By: Lauren Porter
The American Foundation for Suicide Prevention’s mission is to save lives and bring hope to those affected by suicide. We fund research to improve interventions, train clinicians in suicide prevention, and advocate for policy that will save lives.
We know that suicide prevention stretches far beyond training people to recognize the signs of suicide prevention and connecting people to necessary resources. While this piece is critical, the AFSP doesn’t stop there. Their mission and work also encompasses two other components: funding research and advocating for better suicide prevention and mental health policy.
How does AFSP engage in public policy initiatives?
In 2020, 27 state bills and 5 federal bills that the AFSP worked on were enacted into law. One of these was the National Suicide Hotline Improvement Act, designating 988 as a national three-digit dialing code to reach a crisis line starting in 2022.
Each year, the AFSP designates a list of policy priorities. Their 2021-22 policy priorities are categorized into nine groups:
● Crisis lines funding and support
● Mental health parity
● K-12 school suicide prevention
● Military and Veteran suicide prevention
● Extreme risk protection orders
● Health professional training in suicide assessment, treatment, and management
● Conversion therapy bans
● University and college campus suicide prevention
● Statewide suicide initiatives and plans
If you want to read more in-depth about their policy priorities and positions, check out their state policy list and their federal policy list.
What’s the Field Advocate program?
The Field Advocate program helps you become a vital part of AFSP’s large grassroots advocacy network and be given the resources and tools to speak out for suicide prevention and mental health at all levels of government. The AFSP has thousands of advocates who are speaking out and fighting for essential suicide prevention and mental health policies to save lives, and anyone can join in these efforts! Many of the strides the AFSP has made are due to the thousands of advocacy volunteers who create a united voice around creating better policy.
So, what does it mean to be a Field Advocate? First, you will receive a monthly email update from the policy office updating you on current legislation and policies and optional ways that you can support them. It will let you know about upcoming events, such as State Capitol Days, passed legislation, and links to easily send letters of support to your elected officials on any of the policies that you support.
Field Advocates are given tools to utilize on social media, such as informational graphics and petitions, to help raise awareness and get others involved in the cause. They also provide things like templates if you are interested in sending a written letter to an elected official.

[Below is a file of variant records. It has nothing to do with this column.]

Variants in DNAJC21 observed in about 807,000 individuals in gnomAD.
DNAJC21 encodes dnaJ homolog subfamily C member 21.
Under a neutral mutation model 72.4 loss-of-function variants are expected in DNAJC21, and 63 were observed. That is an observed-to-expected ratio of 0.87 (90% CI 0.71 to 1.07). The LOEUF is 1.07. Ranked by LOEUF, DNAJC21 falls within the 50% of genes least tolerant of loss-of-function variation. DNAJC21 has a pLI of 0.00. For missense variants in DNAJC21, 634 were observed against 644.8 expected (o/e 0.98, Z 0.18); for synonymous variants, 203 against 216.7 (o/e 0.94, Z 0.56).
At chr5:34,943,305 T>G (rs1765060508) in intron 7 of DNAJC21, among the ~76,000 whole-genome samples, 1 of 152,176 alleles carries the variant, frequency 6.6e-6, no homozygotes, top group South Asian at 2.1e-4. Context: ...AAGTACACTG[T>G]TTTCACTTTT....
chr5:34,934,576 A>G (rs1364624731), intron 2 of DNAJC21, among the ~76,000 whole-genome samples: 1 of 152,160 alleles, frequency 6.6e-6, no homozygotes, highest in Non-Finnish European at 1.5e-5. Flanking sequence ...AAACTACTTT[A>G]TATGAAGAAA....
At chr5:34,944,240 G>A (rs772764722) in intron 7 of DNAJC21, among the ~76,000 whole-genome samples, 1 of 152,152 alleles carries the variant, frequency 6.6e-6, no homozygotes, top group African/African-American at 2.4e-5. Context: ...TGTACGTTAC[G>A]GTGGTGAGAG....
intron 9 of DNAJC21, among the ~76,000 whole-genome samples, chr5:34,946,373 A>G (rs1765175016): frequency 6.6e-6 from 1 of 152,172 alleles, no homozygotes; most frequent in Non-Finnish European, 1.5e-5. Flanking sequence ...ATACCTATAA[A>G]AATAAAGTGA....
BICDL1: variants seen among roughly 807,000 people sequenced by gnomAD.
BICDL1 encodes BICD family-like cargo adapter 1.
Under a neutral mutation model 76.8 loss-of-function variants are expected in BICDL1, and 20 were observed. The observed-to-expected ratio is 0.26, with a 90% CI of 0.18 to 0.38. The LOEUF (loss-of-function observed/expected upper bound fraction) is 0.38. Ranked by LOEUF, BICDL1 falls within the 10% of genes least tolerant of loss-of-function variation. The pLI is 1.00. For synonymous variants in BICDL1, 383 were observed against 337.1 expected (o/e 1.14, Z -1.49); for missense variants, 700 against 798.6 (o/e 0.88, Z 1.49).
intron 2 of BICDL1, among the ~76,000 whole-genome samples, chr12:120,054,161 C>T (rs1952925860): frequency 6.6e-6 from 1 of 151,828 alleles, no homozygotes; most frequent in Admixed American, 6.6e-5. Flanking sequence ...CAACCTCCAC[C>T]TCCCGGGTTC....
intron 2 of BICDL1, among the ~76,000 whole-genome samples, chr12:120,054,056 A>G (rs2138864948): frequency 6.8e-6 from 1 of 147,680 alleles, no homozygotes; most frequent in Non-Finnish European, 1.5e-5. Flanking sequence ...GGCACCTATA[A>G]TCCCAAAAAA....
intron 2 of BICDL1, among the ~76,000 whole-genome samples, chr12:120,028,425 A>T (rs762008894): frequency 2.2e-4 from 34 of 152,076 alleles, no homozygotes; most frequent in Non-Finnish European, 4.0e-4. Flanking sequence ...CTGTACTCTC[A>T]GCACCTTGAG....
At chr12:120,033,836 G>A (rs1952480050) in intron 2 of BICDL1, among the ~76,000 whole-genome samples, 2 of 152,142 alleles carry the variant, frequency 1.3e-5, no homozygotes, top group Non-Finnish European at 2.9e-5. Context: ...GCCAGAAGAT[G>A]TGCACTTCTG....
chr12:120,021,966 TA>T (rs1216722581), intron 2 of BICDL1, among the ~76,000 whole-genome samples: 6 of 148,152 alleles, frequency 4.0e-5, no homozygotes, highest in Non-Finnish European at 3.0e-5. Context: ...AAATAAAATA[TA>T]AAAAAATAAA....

You’ll also be the first to know information about State Capitol Days and the annual Washington DC Advocacy Forum. These are advocacy events that many volunteers choose to attend. They “bring advocates together with state and local public officials to share information and urge that suicide prevention be made a priority.” You can find out the date for your state by using the “Find a Local Chapter” feature on the AFSP website. Advocates will have the opportunity to show up, speak with legislators, and share information and personal stories.
These events have lead to the passing of state bills such as bans on conversion therapy, required suicide prevention trainings in K-12 schools, insurance reform for mental healthcare parity, and creation of state suicide prevention task forces.
What are the minimum requirements?
There are no requirements to be a Field Advocate. Signing up simply sends you monthly email updates with steps that you can take if you choose to. Reviewing the legislation, contacting elected officials, posting on social media, or attending events is completely optional. You can do as much or as little as you want. You are also not required to agree on every piece of legislation and priority that the AFSP is working on. You’re free to advocate solely for the ones that you support.
How do I join?
Sign-up here through their Public Policy Action Center!
Not quite sure about becoming a Field Advocate? You can still view their directory on state and federal bills on their website to see current legislation being worked on and get an update on priorities and advocacy events at any time.
Suicide Prevention Lifelife (24/7): 1-800-273-8255
Crisis Text Line (24/7): Text TALK to 741-741
TrevorLifeline (LGBTQ+ Crisis Hotline): 1-86–488-7386
How to Find Mental Health Treatment
SAMHSA Substance Use & Mental Health Treatment Finder AFSP’s #RealConvo Guide